Jocko Willink is a BJJ black belt and a former Navy SEAL. As such, you can rest assured that he knows a thing or two about rolling and being on the battlefield.
But, what are the similarities between the two? Between Jiu-Jitsu athletes and special forces operators?
As you might’ve guessed, Jocko has an answer. And it’s probably not the one you’d expect it to be:
Probably the biggest commonality between the two is some kind of a strange contrast between being extremely disciplined and being extremely creative.
So, clearly – if you want to become good in Jiu-Jitsu, you’ve got to be disciplined enough to train all the time. Same thing with being in the military; if you’re going to be a good operator, you have to have the discipline to push yourself in training.
But you can’t be a person who leans so hard towards a disciplined, structured life that you don’t have any creativity.
In this regard, BJJ is similar to the battlefield:
Because, both in Jiu-Jitsu and on the battlefield, you definitely want to be creative. To figure out creative solutions that people haven’t thought of. Things that your opponent hasn’t thought of, that your enemy won’t think of.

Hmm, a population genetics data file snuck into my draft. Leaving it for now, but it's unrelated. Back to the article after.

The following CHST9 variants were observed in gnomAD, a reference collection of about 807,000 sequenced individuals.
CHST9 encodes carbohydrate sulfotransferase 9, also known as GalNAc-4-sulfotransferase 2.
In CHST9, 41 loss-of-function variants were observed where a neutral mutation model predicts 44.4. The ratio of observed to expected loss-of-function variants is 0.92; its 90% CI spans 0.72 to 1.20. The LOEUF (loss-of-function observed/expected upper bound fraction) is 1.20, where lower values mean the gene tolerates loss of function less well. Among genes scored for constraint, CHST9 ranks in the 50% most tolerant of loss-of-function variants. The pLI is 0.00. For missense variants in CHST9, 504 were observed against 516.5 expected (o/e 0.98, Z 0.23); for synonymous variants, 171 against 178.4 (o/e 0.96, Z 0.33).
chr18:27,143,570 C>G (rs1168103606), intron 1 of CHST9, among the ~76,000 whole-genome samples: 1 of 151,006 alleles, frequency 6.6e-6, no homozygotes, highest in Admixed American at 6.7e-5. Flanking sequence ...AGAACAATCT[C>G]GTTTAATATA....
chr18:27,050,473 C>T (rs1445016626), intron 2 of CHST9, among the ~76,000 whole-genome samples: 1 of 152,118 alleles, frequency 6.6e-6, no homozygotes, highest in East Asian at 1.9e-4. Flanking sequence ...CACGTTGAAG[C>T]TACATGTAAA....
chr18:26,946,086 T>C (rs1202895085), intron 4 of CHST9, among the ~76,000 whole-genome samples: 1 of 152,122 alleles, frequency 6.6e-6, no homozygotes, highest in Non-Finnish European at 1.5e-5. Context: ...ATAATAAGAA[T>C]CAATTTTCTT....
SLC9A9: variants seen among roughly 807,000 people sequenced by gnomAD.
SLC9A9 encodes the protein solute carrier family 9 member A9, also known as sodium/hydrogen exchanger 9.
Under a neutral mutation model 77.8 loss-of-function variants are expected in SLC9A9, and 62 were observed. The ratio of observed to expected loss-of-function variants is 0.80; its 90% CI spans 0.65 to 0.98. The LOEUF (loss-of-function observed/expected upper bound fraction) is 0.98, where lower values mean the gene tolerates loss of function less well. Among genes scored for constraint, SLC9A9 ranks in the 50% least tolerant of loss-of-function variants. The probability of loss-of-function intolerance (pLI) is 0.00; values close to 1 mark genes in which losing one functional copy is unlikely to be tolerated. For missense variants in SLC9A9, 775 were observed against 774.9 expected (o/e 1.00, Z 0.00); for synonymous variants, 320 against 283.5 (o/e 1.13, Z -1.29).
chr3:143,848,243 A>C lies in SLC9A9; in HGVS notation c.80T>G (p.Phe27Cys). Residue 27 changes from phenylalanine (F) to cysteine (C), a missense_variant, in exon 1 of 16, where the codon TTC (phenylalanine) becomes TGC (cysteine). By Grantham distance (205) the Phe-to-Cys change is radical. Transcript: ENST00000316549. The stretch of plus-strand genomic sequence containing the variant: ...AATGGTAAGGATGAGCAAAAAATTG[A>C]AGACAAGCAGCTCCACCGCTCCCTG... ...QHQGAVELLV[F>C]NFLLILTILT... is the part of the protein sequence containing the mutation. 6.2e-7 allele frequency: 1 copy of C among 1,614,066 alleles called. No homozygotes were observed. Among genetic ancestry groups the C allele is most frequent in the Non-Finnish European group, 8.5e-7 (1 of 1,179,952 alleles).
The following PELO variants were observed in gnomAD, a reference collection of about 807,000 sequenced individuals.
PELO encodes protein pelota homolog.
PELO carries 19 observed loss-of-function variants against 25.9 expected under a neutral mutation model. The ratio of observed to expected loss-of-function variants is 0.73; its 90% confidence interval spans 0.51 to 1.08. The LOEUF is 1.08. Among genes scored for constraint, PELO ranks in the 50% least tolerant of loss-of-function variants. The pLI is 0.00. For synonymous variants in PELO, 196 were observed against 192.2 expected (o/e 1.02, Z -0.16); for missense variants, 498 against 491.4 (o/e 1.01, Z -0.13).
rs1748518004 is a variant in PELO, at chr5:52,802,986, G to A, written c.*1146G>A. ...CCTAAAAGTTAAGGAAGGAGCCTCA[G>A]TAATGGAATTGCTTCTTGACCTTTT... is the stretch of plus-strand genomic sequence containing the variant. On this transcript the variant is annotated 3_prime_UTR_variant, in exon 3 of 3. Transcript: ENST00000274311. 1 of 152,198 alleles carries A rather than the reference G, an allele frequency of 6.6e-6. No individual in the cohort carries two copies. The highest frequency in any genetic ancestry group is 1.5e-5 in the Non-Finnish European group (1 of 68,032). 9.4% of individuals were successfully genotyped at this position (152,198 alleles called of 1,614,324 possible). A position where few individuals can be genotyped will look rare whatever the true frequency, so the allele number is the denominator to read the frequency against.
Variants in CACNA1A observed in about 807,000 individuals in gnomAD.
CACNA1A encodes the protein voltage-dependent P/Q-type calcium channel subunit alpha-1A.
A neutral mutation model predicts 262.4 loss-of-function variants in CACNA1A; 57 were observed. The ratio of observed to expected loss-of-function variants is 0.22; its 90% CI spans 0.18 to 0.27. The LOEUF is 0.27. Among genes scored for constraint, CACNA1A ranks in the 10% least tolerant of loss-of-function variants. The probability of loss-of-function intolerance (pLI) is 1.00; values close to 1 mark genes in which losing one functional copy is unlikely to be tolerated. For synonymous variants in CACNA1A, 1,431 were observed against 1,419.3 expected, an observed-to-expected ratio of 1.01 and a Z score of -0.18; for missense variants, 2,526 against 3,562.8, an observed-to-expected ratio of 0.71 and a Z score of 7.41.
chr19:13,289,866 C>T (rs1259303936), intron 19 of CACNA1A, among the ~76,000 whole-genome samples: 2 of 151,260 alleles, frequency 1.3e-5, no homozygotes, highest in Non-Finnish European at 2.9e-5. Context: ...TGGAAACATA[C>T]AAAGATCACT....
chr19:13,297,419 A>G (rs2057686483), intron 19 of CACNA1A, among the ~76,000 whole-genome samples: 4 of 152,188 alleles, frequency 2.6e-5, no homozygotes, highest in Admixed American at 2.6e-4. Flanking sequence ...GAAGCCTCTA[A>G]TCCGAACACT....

So, you’ve got to find that person who has a balance between discipline and a kind of a wild creativity that [are necessary to] make adjustments.
He explains that good special forces operators can turn on being disciplined whenever necessary; but they also have an ability to think creatively. They are not confined by the bounds of discipline and structure so much so that they can’t think of a solution when a problem occurs.
In Jocko’s eyes, it’s the same thing with BJJ athletes:
If you have someone who only knows how to do a certain move and they can’t think creatively about the other ways to employ that…
It’s not that they’re not going to be good, because they are going to be good. But they’re going to reach limitations.